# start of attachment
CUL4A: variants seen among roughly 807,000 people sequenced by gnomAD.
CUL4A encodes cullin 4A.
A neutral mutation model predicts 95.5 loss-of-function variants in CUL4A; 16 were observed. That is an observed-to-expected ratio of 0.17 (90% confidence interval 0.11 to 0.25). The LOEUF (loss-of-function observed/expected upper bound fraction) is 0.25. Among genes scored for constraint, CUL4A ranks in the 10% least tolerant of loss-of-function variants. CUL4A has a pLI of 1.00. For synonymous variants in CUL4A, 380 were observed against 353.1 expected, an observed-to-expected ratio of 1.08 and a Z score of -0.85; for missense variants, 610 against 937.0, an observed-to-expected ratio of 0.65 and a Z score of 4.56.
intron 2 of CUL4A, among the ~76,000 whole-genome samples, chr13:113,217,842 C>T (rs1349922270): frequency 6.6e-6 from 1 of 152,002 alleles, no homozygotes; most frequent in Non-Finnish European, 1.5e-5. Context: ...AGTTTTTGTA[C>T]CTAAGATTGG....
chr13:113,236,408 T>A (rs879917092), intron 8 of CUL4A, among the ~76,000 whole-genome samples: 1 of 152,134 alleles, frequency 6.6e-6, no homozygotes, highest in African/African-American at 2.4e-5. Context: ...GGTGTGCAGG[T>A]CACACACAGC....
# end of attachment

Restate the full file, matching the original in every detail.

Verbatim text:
CUL4A: variants seen among roughly 807,000 people sequenced by gnomAD.
CUL4A encodes cullin 4A.
A neutral mutation model predicts 95.5 loss-of-function variants in CUL4A; 16 were observed. That is an observed-to-expected ratio of 0.17 (90% confidence interval 0.11 to 0.25). The LOEUF (loss-of-function observed/expected upper bound fraction) is 0.25. Among genes scored for constraint, CUL4A ranks in the 10% least tolerant of loss-of-function variants. CUL4A has a pLI of 1.00. For synonymous variants in CUL4A, 380 were observed against 353.1 expected, an observed-to-expected ratio of 1.08 and a Z score of -0.85; for missense variants, 610 against 937.0, an observed-to-expected ratio of 0.65 and a Z score of 4.56.
intron 2 of CUL4A, among the ~76,000 whole-genome samples, chr13:113,217,842 C>T (rs1349922270): frequency 6.6e-6 from 1 of 152,002 alleles, no homozygotes; most frequent in Non-Finnish European, 1.5e-5. Context: ...AGTTTTTGTA[C>T]CTAAGATTGG....
chr13:113,236,408 T>A (rs879917092), intron 8 of CUL4A, among the ~76,000 whole-genome samples: 1 of 152,134 alleles, frequency 6.6e-6, no homozygotes, highest in African/African-American at 2.4e-5. Context: ...GGTGTGCAGG[T>A]CACACACAGC....